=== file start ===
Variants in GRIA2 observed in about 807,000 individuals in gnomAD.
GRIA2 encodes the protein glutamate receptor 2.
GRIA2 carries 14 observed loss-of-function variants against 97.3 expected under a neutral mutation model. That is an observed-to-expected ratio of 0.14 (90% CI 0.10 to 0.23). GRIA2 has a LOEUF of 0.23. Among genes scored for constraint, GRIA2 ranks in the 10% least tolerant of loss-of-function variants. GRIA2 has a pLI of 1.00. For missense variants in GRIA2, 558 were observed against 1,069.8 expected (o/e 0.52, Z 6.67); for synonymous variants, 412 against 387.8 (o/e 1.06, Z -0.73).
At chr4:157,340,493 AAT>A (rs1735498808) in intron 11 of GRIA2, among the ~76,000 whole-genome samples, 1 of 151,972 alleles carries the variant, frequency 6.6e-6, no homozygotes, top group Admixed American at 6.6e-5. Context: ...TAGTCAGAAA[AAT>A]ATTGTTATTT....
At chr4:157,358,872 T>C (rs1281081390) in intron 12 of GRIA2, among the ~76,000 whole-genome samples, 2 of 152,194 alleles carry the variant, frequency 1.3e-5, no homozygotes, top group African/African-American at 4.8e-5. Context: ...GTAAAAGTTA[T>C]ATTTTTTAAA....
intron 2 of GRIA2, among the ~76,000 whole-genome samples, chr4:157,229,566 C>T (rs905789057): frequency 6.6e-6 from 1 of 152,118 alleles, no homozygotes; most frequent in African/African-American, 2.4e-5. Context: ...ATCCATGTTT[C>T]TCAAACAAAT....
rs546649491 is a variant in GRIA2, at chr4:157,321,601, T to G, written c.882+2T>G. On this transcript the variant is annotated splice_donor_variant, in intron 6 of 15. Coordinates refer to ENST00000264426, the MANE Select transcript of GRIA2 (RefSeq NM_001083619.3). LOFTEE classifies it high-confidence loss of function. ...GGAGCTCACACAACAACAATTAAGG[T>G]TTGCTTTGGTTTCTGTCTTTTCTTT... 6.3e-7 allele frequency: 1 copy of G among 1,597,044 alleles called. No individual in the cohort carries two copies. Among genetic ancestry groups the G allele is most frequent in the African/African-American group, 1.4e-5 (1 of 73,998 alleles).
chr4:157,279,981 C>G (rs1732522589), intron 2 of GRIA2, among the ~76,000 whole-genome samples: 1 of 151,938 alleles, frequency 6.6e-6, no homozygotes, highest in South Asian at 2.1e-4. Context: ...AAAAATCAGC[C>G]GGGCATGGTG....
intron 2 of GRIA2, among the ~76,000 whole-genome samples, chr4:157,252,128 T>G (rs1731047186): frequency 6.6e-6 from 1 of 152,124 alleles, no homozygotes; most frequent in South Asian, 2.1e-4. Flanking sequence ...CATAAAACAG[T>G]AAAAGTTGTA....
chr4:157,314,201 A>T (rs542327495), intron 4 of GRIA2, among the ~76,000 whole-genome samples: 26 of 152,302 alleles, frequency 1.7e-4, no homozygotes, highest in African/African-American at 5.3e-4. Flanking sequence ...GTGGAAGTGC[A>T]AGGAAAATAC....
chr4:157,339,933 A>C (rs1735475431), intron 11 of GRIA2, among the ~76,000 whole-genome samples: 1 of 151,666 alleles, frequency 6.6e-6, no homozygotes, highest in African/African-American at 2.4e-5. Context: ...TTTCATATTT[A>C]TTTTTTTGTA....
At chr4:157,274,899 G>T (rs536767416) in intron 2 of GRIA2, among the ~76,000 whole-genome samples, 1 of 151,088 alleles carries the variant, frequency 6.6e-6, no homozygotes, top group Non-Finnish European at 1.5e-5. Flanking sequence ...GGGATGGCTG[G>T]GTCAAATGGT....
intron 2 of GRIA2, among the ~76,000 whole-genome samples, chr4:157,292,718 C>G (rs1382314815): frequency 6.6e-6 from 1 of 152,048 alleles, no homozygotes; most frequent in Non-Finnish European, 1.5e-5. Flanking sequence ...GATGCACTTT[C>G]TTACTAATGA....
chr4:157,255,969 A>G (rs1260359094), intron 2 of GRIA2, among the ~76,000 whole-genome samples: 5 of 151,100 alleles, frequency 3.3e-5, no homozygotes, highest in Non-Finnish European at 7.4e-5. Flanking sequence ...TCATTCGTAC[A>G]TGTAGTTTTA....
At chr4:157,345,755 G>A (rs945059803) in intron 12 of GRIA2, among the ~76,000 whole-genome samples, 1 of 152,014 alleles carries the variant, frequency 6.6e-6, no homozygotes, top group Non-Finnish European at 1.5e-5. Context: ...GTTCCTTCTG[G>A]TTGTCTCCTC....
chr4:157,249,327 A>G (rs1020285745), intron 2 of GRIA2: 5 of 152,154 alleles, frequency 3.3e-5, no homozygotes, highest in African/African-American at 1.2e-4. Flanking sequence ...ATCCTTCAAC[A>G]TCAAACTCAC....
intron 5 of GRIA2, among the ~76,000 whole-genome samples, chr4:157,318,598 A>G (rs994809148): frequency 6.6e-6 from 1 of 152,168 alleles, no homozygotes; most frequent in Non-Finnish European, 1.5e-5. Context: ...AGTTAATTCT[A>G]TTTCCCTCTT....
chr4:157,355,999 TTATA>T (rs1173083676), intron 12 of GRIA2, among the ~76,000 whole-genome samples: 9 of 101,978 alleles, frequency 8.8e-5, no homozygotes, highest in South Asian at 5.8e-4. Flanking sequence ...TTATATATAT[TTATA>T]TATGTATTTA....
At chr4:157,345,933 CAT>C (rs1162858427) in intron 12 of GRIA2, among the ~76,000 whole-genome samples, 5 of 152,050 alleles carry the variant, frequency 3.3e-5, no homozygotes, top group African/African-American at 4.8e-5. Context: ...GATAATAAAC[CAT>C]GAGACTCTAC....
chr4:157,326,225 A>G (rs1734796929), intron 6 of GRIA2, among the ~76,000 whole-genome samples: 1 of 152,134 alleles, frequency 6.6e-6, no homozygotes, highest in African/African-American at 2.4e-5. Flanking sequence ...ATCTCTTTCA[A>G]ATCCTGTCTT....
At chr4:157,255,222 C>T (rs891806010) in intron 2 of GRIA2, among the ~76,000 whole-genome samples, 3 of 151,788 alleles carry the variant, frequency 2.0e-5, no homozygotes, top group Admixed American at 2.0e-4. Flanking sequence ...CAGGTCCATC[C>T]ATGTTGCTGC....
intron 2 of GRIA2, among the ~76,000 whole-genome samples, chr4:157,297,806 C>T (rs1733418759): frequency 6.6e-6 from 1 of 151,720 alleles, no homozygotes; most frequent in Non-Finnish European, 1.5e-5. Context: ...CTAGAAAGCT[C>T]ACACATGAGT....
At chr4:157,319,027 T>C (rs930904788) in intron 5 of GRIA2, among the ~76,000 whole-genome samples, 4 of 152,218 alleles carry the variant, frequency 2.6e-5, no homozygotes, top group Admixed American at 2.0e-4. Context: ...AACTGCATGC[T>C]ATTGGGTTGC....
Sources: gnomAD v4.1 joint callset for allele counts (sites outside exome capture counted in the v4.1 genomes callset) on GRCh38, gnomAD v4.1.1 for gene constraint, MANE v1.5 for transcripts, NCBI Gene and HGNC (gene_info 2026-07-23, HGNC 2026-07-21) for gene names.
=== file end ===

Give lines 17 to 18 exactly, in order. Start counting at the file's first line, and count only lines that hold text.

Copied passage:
intron 5 of GRIA2, among the ~76,000 whole-genome samples, chr4:157,318,598 A>G (rs994809148): frequency 6.6e-6 from 1 of 152,168 alleles, no homozygotes; most frequent in Non-Finnish European, 1.5e-5. Context: ...AGTTAATTCT[A>G]TTTCCCTCTT....
chr4:157,355,999 TTATA>T (rs1173083676), intron 12 of GRIA2, among the ~76,000 whole-genome samples: 9 of 101,978 alleles, frequency 8.8e-5, no homozygotes, highest in South Asian at 5.8e-4. Flanking sequence ...TTATATATAT[TTATA>T]TATGTATTTA....